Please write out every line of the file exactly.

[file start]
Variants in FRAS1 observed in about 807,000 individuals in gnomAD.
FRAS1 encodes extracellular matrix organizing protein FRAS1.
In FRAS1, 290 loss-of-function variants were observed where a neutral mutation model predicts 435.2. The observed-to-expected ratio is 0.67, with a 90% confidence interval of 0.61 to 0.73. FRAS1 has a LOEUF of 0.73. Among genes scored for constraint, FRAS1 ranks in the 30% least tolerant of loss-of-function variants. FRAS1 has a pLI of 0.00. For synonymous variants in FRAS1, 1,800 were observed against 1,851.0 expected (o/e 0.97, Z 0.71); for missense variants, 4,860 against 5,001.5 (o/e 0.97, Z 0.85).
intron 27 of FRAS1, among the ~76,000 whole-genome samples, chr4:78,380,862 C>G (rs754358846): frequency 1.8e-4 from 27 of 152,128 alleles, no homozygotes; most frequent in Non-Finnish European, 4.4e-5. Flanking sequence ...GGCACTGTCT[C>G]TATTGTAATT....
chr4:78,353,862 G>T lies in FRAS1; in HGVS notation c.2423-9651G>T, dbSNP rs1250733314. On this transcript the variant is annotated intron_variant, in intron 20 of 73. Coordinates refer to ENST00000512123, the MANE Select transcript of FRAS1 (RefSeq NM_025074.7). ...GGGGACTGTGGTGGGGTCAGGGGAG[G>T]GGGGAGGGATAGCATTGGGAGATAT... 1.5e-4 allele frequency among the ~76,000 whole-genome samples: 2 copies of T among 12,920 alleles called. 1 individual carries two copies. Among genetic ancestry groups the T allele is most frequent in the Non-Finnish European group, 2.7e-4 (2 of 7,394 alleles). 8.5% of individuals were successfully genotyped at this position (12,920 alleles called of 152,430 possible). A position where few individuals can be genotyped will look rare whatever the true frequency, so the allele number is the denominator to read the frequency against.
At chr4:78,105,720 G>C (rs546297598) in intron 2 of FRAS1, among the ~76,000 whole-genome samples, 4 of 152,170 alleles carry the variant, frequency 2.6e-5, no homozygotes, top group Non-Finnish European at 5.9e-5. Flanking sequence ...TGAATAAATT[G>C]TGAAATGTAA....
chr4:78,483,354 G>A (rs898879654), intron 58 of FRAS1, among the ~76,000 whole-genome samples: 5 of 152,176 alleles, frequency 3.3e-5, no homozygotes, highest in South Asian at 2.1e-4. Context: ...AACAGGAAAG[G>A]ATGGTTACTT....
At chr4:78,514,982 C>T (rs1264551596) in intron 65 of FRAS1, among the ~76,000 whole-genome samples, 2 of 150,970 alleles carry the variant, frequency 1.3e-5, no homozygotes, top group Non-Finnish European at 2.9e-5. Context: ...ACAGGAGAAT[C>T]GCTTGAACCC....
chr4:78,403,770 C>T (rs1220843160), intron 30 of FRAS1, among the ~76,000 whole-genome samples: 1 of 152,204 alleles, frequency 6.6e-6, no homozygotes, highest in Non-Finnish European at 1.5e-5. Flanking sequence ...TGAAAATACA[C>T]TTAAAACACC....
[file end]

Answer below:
Variants in FRAS1 observed in about 807,000 individuals in gnomAD.
FRAS1 encodes extracellular matrix organizing protein FRAS1.
In FRAS1, 290 loss-of-function variants were observed where a neutral mutation model predicts 435.2. The observed-to-expected ratio is 0.67, with a 90% confidence interval of 0.61 to 0.73. FRAS1 has a LOEUF of 0.73. Among genes scored for constraint, FRAS1 ranks in the 30% least tolerant of loss-of-function variants. FRAS1 has a pLI of 0.00. For synonymous variants in FRAS1, 1,800 were observed against 1,851.0 expected (o/e 0.97, Z 0.71); for missense variants, 4,860 against 5,001.5 (o/e 0.97, Z 0.85).
intron 27 of FRAS1, among the ~76,000 whole-genome samples, chr4:78,380,862 C>G (rs754358846): frequency 1.8e-4 from 27 of 152,128 alleles, no homozygotes; most frequent in Non-Finnish European, 4.4e-5. Flanking sequence ...GGCACTGTCT[C>G]TATTGTAATT....
chr4:78,353,862 G>T lies in FRAS1; in HGVS notation c.2423-9651G>T, dbSNP rs1250733314. On this transcript the variant is annotated intron_variant, in intron 20 of 73. Coordinates refer to ENST00000512123, the MANE Select transcript of FRAS1 (RefSeq NM_025074.7). ...GGGGACTGTGGTGGGGTCAGGGGAG[G>T]GGGGAGGGATAGCATTGGGAGATAT... 1.5e-4 allele frequency among the ~76,000 whole-genome samples: 2 copies of T among 12,920 alleles called. 1 individual carries two copies. Among genetic ancestry groups the T allele is most frequent in the Non-Finnish European group, 2.7e-4 (2 of 7,394 alleles). 8.5% of individuals were successfully genotyped at this position (12,920 alleles called of 152,430 possible). A position where few individuals can be genotyped will look rare whatever the true frequency, so the allele number is the denominator to read the frequency against.
At chr4:78,105,720 G>C (rs546297598) in intron 2 of FRAS1, among the ~76,000 whole-genome samples, 4 of 152,170 alleles carry the variant, frequency 2.6e-5, no homozygotes, top group Non-Finnish European at 5.9e-5. Flanking sequence ...TGAATAAATT[G>C]TGAAATGTAA....
chr4:78,483,354 G>A (rs898879654), intron 58 of FRAS1, among the ~76,000 whole-genome samples: 5 of 152,176 alleles, frequency 3.3e-5, no homozygotes, highest in South Asian at 2.1e-4. Context: ...AACAGGAAAG[G>A]ATGGTTACTT....
At chr4:78,514,982 C>T (rs1264551596) in intron 65 of FRAS1, among the ~76,000 whole-genome samples, 2 of 150,970 alleles carry the variant, frequency 1.3e-5, no homozygotes, top group Non-Finnish European at 2.9e-5. Context: ...ACAGGAGAAT[C>T]GCTTGAACCC....
chr4:78,403,770 C>T (rs1220843160), intron 30 of FRAS1, among the ~76,000 whole-genome samples: 1 of 152,204 alleles, frequency 6.6e-6, no homozygotes, highest in Non-Finnish European at 1.5e-5. Flanking sequence ...TGAAAATACA[C>T]TTAAAACACC....